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Air ambulance told to stand down: Dolynny
Health minister admits policies on dispatching emergency services lacking after fatal highway crash

Katherine Hudson
Northern News Services
Published Friday, March 01, 2013

After needling Health Minister Tom Beaulieu with questions about highway emergency response policies after last week's horrific tractor-trailer crash on Highway 3, Range Lake MLA Daryl Dolynny finally got "to the meat of the matter" Wednesday, although it wasn't reassuring.

Beaulieu said there are no clear protocols that speak to air rescue services by a helicopter or a floatplane in the territory, or for performing rescues on a highway outside the jurisdiction of community governments.

"I think that the system, the government recognizes this as a gap in the system," he said.

Beaulieu said in extreme emergency situations, the Department of Health and Social Services, the health authorities, the RCMP and military may choose one of these response methods to rescue people.

"During the time there is an incident and the key people are brought together, the call is made on a case-by-case basis and not within the policy," he said.

Dolynny said a forensic review of medical travel is necessary of both ground and air ambulances services after an air ambulance helicopter in Yellowknife was directed to stand down and not fly to the scene.

"Our ground ambulance program is in dire need of an overhaul ... The communities have been asking for a ground ambulance program. In my case I'm looking at our air ambulance protocols: what does it constitute to initiate an air ambulance?" said Dolynny.

The questions come after a fatal crash involving two transport trucks 84 km north of Fort Providence on Feb. 19. The only survivor of the three involved in the crash, who has not yet been identified, was transported first to Fort Providence in what was described as a "health centre van," and then flown to Yellowknife where he was treated at Stanton Territorial Hospital before being medevaced to Edmonton.

It has yet to be revealed how long it took for emergency services to reach him or what sort of medical equipment was on board the van. The present condition of the survivor was not known at press time. Persons who arrived at the scene shortly after the crash described the man as being "pretty banged up," and suspected he had suffered internal injuries.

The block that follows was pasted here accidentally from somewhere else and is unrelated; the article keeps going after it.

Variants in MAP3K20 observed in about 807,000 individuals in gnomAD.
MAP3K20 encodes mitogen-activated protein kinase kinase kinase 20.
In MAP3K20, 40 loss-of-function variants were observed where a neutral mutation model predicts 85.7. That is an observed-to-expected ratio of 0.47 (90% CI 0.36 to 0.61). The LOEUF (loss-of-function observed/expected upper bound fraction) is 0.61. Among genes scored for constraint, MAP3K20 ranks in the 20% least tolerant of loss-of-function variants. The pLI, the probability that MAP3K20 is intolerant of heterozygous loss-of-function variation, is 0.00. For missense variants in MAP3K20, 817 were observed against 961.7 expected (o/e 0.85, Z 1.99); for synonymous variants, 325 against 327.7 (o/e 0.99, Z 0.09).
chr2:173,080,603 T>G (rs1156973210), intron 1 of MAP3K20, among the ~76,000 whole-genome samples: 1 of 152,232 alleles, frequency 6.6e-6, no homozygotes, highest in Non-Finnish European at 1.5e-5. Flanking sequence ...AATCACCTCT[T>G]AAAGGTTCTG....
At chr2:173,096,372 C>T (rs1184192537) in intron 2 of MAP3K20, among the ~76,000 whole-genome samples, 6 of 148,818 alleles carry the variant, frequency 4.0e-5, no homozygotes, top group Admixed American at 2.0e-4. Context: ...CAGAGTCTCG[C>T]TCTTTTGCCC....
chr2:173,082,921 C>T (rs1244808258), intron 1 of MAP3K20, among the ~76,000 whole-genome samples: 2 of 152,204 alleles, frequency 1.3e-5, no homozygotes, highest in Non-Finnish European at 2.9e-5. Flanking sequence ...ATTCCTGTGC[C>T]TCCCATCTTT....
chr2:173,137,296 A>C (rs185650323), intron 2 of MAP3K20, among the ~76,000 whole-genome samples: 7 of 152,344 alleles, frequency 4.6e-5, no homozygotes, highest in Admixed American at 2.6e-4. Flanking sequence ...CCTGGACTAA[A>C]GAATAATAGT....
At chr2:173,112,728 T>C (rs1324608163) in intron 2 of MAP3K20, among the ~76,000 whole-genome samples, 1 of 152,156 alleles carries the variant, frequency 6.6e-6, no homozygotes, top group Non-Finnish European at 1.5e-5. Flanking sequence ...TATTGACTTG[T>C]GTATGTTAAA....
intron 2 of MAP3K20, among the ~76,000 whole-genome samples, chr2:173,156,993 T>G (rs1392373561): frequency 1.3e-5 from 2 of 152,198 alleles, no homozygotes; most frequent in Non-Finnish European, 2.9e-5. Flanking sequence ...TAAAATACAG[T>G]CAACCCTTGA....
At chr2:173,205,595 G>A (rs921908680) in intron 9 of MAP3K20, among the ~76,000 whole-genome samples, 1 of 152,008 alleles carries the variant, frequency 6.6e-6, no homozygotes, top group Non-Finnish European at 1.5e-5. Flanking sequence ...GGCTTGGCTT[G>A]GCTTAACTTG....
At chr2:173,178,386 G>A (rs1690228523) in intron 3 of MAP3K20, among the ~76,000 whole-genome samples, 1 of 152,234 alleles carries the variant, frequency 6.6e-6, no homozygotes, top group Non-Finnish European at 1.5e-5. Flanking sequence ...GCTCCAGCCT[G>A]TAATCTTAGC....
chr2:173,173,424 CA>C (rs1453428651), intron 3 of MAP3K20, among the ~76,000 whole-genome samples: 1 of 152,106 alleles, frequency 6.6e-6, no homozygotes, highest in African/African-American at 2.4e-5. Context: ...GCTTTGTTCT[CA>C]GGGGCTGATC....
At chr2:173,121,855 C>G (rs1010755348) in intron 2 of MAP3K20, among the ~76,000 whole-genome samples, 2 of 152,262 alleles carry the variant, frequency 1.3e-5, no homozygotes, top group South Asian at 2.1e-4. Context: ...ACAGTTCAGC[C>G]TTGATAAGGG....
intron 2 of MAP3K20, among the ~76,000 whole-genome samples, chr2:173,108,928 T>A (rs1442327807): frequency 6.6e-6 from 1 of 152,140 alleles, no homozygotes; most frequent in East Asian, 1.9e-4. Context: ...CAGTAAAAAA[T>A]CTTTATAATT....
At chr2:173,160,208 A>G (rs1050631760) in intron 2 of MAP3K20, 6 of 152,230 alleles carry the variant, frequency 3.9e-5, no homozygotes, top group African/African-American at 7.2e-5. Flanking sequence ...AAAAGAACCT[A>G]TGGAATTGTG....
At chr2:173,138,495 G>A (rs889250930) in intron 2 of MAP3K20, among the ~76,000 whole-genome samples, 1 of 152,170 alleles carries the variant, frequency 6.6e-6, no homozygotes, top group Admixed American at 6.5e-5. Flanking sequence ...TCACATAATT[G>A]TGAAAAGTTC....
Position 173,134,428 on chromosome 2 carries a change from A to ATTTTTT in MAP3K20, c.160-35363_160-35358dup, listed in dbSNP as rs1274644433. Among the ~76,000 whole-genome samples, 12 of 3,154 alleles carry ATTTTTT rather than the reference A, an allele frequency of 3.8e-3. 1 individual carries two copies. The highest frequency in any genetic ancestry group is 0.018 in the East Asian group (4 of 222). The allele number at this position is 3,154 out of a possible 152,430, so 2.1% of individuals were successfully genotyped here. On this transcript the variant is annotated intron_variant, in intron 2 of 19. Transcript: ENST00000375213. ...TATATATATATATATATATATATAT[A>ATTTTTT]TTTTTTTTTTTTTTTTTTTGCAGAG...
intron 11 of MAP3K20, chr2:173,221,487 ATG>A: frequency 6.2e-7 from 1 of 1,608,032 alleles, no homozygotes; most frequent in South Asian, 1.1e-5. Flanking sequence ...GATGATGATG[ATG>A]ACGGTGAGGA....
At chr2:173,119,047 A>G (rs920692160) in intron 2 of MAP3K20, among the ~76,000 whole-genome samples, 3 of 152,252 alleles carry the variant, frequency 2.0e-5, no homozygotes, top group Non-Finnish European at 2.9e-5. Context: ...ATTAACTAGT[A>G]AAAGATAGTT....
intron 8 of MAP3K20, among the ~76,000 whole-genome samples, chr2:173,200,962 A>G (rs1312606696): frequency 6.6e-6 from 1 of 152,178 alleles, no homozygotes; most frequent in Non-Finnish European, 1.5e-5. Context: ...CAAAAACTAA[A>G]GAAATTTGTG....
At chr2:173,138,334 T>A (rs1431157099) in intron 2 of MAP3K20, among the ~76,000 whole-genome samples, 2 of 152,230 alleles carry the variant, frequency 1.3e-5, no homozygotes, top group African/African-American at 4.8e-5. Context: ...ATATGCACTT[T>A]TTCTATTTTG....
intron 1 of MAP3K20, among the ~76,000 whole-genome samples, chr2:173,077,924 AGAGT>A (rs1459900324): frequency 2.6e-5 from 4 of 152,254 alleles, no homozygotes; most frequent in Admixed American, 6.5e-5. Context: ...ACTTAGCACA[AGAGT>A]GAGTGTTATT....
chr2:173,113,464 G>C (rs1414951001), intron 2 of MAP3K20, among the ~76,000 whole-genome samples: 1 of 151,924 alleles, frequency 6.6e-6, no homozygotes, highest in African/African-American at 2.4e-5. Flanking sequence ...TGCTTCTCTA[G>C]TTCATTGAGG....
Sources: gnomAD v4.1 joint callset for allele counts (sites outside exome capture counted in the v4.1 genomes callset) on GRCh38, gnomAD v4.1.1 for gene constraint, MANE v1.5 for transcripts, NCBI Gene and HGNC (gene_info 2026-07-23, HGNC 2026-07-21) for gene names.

The Department of Health and Social Services had no information to provide at press time.

As unfortunate as last week's collision was, the accident might be a "pivotal point" to give impetus for the GNWT to review its protocols concerning emergency response in the territory, said Dolynny.

While Alberta Health Services (AHS) does not own or operate rotary air ambulances, it uses contracted air ambulance helicopter services to support ground ambulances for emergency response.

According to an AHS spokesperson, "a helicopter is used for emergency medical assistance in situations where either a traditional ambulance cannot reach the scene easily or quickly enough, or the patient needs to be transported over a distance of terrain that makes air transportation the most practical."

A physician makes a clinical decision on the most appropriate resource for patient transportation - whether it be ground ambulance, fixed wing, or rotary helicopter.

"What activities do (NWT) air ambulances have in terms of services throughout all the highway systems and communities?" asked Dolynny.

"And let's take a serious, sober look at our ground ambulance program and put the right dollars into it."

Dolynny said the root of the highway emergency response includes the departments of Municipal and Community Affairs as well as Transportation and he'll be continuing his questioning of ministers next week.

- with files from Simon Whitehouse

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